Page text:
How to live through your kitchen remodel

By Helen Ellis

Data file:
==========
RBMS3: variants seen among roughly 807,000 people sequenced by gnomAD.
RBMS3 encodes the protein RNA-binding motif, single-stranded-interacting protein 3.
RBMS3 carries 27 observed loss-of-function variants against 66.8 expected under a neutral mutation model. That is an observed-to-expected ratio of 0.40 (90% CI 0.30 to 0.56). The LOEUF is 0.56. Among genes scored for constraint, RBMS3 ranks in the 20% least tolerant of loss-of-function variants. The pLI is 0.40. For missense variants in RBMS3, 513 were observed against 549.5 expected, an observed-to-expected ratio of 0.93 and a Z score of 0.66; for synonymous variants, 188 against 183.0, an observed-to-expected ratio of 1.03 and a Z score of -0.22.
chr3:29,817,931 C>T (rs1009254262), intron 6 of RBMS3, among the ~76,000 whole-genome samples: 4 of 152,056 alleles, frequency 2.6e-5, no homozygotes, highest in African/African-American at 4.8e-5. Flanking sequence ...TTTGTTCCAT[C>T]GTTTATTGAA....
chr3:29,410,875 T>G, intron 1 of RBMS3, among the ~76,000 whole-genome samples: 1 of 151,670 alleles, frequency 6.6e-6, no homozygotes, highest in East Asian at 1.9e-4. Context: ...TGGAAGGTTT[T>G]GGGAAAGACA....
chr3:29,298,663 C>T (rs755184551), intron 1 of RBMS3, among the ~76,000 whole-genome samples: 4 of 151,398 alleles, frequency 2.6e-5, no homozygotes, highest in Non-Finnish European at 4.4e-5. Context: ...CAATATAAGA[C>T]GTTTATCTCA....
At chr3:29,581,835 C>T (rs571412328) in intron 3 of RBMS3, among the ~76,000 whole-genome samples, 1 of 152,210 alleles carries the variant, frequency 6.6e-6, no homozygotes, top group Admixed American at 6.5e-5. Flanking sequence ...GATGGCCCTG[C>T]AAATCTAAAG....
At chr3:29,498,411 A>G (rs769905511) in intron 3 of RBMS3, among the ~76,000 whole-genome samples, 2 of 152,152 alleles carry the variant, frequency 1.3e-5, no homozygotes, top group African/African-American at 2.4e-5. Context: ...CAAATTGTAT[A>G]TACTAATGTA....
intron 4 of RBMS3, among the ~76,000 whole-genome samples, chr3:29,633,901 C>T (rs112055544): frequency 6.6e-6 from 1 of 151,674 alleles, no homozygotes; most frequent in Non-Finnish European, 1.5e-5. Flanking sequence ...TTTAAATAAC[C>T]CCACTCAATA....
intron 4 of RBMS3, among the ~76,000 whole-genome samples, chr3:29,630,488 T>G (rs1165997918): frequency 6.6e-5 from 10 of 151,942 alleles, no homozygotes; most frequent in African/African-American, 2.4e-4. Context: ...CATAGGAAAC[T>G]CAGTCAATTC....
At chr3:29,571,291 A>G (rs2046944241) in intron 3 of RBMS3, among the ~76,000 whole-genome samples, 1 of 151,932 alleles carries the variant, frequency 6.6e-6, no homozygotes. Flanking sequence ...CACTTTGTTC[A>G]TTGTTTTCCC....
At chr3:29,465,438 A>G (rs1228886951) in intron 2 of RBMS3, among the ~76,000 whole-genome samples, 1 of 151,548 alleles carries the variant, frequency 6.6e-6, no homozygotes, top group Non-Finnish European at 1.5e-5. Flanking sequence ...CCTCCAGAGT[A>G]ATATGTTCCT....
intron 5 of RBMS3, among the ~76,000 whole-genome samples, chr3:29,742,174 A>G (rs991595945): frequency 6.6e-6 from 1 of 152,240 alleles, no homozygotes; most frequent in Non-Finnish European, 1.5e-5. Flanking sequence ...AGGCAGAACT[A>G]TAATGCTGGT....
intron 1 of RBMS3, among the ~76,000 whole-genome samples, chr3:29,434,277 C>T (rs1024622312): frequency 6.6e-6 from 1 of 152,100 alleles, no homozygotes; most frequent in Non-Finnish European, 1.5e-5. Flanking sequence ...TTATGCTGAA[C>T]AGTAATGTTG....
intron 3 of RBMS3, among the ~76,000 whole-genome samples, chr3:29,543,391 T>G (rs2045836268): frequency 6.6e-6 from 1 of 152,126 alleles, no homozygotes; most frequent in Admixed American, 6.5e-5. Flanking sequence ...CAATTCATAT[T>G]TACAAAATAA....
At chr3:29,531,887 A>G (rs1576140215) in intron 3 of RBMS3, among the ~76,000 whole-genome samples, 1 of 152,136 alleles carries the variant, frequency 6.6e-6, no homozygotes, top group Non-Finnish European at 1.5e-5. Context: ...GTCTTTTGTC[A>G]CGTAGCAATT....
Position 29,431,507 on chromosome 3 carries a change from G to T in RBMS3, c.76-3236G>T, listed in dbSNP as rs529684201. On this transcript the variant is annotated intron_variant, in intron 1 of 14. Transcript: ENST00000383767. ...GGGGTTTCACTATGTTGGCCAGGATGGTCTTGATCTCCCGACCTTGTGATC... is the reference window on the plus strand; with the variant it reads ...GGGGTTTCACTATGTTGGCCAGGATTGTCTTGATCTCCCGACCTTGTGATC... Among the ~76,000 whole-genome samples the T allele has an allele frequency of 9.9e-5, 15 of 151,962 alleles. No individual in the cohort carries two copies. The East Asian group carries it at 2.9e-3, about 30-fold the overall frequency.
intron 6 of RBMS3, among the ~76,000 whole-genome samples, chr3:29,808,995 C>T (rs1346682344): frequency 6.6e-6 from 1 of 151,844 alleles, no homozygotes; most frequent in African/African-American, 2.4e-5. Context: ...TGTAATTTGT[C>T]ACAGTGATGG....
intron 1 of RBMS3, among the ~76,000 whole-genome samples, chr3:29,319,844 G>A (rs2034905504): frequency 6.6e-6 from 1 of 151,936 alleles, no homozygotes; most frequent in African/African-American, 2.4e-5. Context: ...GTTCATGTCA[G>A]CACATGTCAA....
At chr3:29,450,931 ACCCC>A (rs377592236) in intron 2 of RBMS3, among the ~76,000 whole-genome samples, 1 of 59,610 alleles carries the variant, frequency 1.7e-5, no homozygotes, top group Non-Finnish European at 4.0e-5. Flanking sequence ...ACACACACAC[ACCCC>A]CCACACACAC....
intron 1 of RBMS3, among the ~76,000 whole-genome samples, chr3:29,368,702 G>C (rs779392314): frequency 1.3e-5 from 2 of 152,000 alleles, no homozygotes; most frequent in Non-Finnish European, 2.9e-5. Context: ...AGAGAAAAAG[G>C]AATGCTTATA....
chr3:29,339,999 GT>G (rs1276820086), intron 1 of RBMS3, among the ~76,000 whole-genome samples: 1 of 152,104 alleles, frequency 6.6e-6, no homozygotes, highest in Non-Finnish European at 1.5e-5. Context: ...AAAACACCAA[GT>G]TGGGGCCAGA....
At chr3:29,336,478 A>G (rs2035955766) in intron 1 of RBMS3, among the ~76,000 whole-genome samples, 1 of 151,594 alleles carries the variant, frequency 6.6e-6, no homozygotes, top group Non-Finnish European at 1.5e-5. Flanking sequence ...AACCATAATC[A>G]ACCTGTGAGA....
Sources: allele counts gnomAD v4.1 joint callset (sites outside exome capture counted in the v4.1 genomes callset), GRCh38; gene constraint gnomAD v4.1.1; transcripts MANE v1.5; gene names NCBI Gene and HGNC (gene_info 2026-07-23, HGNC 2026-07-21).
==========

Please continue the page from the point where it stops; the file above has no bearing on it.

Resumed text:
Here’s what nobody tells you about redoing your kitchen: it’ll never be perfect and you’ll eat like an indiscriminate teenager. The sooner you accept this, the easier living through your kitchen renovation will be. But first things first: out with the old. Purge. Empty your cabinets of all that’s expired. Did you marry your husband with that cinnamon? Dump the old spice. Get rid of outdated saltines and soup, half boxes of taco shells and duplicate Jif. You’ll never make tea from all those tea bags. Those sprinkles have stuck. Your olives have grown eyelashes. Now weed your utensils. You don’t need two garlic presses, two salad spinners or two ice cream scoops. No, you do not. That spatula is half-melted. That bread knife is duller than your great-grandma’s nut cutter. Yes, the cliché’ is that there’s nothing duller than watching paint dry, but when you at long last see paint dry in your kitchen, you will be thrilled. Pack your dishes and glasses. You think you’ll continue to set the table and eat like civilized adults while your kitchen is out of order. You tell yourself you’ll handwash your Fiestaware in the bathroom sink. You’ll roast baby carrots over candlelight. No, you will not. Be realistic: you’ll eat on the coffee table in front of Family Feud. Be optimistic: every meal is a picnic. Be romantic: these are your salad days. “Salad days” means eating potato chips and a pound of Brie off baguettes. And then ordering pizza. Or fried chicken. Buy plastic cups and paper plates. Don’t bother with knives or sporks because all food is now finger food. Plug your fridge into a living room outlet. Say goodbye to decorum and company. There is no reason to entertain while your kitchen is plastic-wrapped like a UFO contamination site. Enjoy your privacy. It’s just you and yours-and two to four construction workers at any given time. Don’t panic. When workmen take hatchets to your old cabinets with the gentility with which Jack Nicholson went at Shelly Duvall’s bathroom door in The Shining, don’t scream and swing a baseball bat like Shelley Duvall did in The Shining. Say thank you and offer them bottled water from your living room fridge. Pony up. Order your dream fridge to replace your old fridge that is now your living room fridge that came with the old kitchen and hums like a weird dentist. Order your dream oven to replace the one you have to sweet talk to preheat. Order your dream dishwasher to replace the one that rocks like a dryer with sneakers inside. The thing is: you will not remodel your remodeled kitchen for a very long time, if ever again. So don’t scrimp on appliances that you use every day. You don’t need a fancy Sub-Zero fridge with a built-in TV and nanny cam, but if you want a custom-colored cherry-red refrigerator for an extra couple hundred dollars, you buy it. Be patient. When your dream cherry-red refrigerator is delivered and does not fit through the kitchen door, take the doors off the fridge. When it still doesn’t fit because the ice maker hookup sticks out like a hitchhiker’s thumb, don’t let go of your dream. Adjust your expectations: saw off the nub, you’ll make your own ice. Adjust your attitude: embrace the surreal. Buy ice trays with molds in shapes of goldfish and Legos, dentures and brains. This will lure party-goers back to your parties. It will also make the construction workers a little nervous about you. Be practical. Cooking is messy. No matter how careful you are in your new kitchen, splatter happens. You’ll drop a meatball and then you’ll step on that meatball. And sticky fingers ain’t just a Rolling Stones album. So, choose glossy wall paint instead of flat because Mr. Clean’s magic eraser is so magical. Terra cotta floors are harder to clean than a crime scene. And stainless steel gets scratched. I know this because I’ve made such mistakes. And here’s what else nobody tells you about redoing your kitchen: you’ll make mistakes. You thought you’d use that under-the-sink Rubbermaid trash can on a trolley. You thought you’d stack condiments on stackable shelves. You don’t like eggs, so why did you let the salesperson convince you to get custom-made egg drawers for our fridge? The sooner you forgive yourself (and buy an 8-gallon step-on steel trash can and multiple lazy Susans, and start storing Chinese’ delivery duck sauce packets in your egg ovals), the easier enjoying your new kitchen will be. Helen Ellis is the author of the short story collection Southern Lady Code. She tweets every day @WhatIDoAllDay. kitchen remodel

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